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California overtime-pay laws protect nonresidents too, court rules

Employees of California companies who are in the state on business trips must be paid in accordance with California overtime laws, the state Supreme Court says.

July 01, 2011|By Maura Dolan, Los Angeles Times

Reporting from San Francisco — Residents of other states who work for California companies are protected by the state's overtime laws during business trips here, the California Supreme Court decided unanimously Thursday.

Employment lawyers predicted that the ruling would reduce business travel to the state and trigger hundreds of lawsuits against California companies in the coming days. Firms now typically pay employees in accordance with the labor laws of the states in which they live.

The court said the ruling would protect Californians from being replaced by less-expensive temporary workers from out of state.

"Not to apply California law would also encourage employers to substitute lower-paid temporary employees from other states for California employees, thus threatening California's legitimate interest in expanding the job market," Justice Kathryn Mickle Werdegar wrote for the state high court.

The ruling came in a case brought against Oracle Corp., a California software company, by employees who live in Arizona and Colorado and wanted to benefit from California's generous overtime law during business trips. Oracle is headquartered in Redwood Shores, about 20 miles southeast of San Francisco.

California law says nonexempt employees who work more than eight hours a day or 40 hours a week are entitled to overtime at a rate of 1 1/2 times their normal pay. Overtime pay rises to double the regular rate for work in excess of eight hours on the seventh workday.

Arizona has no overtime law, and Colorado's law does not extend beyond state borders.

"Previously most employers in California believed that a non-California resident was not subject to California employment laws, even if that person came into the state for a brief period of time," said Robert S. Span, a lawyer who represented the airline, hotel and restaurant industries in the case. Those industries were involved to support Oracle.

California employers may now have to revamp payroll and tracking systems to ensure that visiting employees are paid according to California law, Span said. "And if you extend California law in the overtime area, will you also be extending other California labor laws to employees who live out of state?"

Charles S. Russell, who represented the workers in the case, said the ruling probably would extend only to minimum-wage law and other requirements considered to be matters of health and safety.

He said the case against Oracle involved claims that could cost the corporation tens of millions of dollars.

Russell described the decision as a victory against outsourcing. Companies may no longer skirt wage laws by bringing in temporary workers from other places, he said.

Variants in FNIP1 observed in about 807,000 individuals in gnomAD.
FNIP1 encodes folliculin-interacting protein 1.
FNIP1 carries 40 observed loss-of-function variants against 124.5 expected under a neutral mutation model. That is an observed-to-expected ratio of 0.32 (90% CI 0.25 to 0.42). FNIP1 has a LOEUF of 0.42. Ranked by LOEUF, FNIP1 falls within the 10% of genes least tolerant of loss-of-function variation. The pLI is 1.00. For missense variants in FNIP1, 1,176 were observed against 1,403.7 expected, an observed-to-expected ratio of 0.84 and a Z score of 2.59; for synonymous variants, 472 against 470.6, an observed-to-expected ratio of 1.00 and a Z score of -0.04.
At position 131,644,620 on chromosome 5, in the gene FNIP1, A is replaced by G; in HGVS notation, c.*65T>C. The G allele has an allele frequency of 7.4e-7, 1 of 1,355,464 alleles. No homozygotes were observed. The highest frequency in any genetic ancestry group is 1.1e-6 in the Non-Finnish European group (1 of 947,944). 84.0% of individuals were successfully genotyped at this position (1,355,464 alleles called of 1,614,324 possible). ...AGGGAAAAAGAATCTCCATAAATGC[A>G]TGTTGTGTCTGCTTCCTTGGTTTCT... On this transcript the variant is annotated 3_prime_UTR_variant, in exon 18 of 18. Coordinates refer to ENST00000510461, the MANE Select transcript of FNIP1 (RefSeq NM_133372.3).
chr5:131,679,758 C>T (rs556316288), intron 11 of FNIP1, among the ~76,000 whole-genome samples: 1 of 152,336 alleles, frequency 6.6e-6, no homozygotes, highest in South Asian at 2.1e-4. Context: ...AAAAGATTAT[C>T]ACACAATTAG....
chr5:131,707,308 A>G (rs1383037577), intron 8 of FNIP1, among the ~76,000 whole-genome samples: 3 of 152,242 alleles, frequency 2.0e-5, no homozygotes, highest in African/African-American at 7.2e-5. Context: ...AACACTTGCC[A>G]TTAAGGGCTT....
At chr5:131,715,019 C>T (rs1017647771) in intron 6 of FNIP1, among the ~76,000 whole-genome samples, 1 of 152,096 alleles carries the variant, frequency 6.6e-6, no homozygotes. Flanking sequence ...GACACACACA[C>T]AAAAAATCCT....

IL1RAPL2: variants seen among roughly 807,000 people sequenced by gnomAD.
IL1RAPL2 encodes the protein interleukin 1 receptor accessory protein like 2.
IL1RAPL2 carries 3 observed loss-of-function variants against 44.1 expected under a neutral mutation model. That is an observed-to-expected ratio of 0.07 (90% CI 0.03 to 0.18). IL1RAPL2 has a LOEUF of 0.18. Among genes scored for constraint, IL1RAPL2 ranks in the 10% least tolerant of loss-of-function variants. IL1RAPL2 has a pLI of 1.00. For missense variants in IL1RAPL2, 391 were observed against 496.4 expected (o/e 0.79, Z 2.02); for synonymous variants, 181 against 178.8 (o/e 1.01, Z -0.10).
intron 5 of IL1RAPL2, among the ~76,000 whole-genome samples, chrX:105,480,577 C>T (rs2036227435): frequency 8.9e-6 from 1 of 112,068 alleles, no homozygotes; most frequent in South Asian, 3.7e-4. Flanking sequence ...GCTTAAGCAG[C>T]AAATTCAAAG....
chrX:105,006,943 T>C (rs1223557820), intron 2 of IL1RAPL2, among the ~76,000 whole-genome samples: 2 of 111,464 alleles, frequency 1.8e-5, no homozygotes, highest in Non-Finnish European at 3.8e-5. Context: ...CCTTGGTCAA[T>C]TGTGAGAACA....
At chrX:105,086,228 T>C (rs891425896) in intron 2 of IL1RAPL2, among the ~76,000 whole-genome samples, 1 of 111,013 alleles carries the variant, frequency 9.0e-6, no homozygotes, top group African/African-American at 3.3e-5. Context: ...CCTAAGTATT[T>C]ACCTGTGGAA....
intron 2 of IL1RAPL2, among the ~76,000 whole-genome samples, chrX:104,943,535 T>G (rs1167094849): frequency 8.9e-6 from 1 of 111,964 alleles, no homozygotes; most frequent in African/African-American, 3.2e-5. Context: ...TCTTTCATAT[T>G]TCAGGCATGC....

"This is a win for California employees because they are not going to have to compete unfairly with temporary workers brought into the state and also a win for temporary employees because they are going to be paid the same overtime wages California employees would be paid," Russell said.

An attorney for Oracle referred reporters to a company spokeswoman, who declined to comment on the decision.

The case, filed as a class action, was brought by employees who worked for Oracle all around the country and spent 20 to 110 days in California over three years.

"That California would choose to regulate all nonexempt overtime work within its borders without regard to the employee's residence is neither improper nor capricious," Justice Werdegar wrote for the court.

She said that nothing in the language of state overtime laws implied that they applied only to residents.

Laura Maechtlen, an employment lawyer, said the decision would greatly expand the use of California's wage law.

"Employers subject to the decision could face a slew of additional claims by nonresident employees claiming that they were improperly classified as exempt and/or owed overtime for work performed in California," said Maechtlen, whose San Francisco-based practice is focused on employment litigation and includes the defense of wage and hour class and collective actions.

"Plaintiffs will undoubtedly push the envelope of this ruling in the class-action context," she said.

Los Angeles employment lawyer Anthony J. Oncidi said the ruling would trigger more litigation.

"The court has extended California's unique pro-employee overtime rules to workers who do not even live here," Oncidi said. "This will only result in more lawsuits against California employers — and fewer unemployed lawyers."

maura.dolan@latimes.com

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